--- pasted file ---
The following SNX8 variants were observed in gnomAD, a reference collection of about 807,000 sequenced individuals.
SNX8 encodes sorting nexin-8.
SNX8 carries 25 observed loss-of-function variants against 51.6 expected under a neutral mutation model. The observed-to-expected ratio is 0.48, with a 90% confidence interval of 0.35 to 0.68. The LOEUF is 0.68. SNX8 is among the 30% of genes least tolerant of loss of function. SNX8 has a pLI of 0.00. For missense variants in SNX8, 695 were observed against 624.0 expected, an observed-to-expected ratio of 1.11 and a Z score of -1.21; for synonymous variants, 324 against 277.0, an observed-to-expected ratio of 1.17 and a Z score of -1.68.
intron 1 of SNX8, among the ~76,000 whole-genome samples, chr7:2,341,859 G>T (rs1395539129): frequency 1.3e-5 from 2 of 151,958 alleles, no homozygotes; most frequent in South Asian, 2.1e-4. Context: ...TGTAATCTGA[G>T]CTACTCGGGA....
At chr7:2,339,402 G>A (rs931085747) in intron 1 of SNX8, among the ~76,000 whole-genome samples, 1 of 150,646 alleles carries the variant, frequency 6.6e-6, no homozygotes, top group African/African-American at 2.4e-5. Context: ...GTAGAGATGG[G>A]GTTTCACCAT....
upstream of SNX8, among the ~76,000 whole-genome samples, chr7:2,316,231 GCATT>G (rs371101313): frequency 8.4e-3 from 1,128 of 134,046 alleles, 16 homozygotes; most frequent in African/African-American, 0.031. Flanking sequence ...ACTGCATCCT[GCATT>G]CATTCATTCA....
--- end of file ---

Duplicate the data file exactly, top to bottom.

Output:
The following SNX8 variants were observed in gnomAD, a reference collection of about 807,000 sequenced individuals.
SNX8 encodes sorting nexin-8.
SNX8 carries 25 observed loss-of-function variants against 51.6 expected under a neutral mutation model. The observed-to-expected ratio is 0.48, with a 90% confidence interval of 0.35 to 0.68. The LOEUF is 0.68. SNX8 is among the 30% of genes least tolerant of loss of function. SNX8 has a pLI of 0.00. For missense variants in SNX8, 695 were observed against 624.0 expected, an observed-to-expected ratio of 1.11 and a Z score of -1.21; for synonymous variants, 324 against 277.0, an observed-to-expected ratio of 1.17 and a Z score of -1.68.
intron 1 of SNX8, among the ~76,000 whole-genome samples, chr7:2,341,859 G>T (rs1395539129): frequency 1.3e-5 from 2 of 151,958 alleles, no homozygotes; most frequent in South Asian, 2.1e-4. Context: ...TGTAATCTGA[G>T]CTACTCGGGA....
At chr7:2,339,402 G>A (rs931085747) in intron 1 of SNX8, among the ~76,000 whole-genome samples, 1 of 150,646 alleles carries the variant, frequency 6.6e-6, no homozygotes, top group African/African-American at 2.4e-5. Context: ...GTAGAGATGG[G>A]GTTTCACCAT....
upstream of SNX8, among the ~76,000 whole-genome samples, chr7:2,316,231 GCATT>G (rs371101313): frequency 8.4e-3 from 1,128 of 134,046 alleles, 16 homozygotes; most frequent in African/African-American, 0.031. Flanking sequence ...ACTGCATCCT[GCATT>G]CATTCATTCA....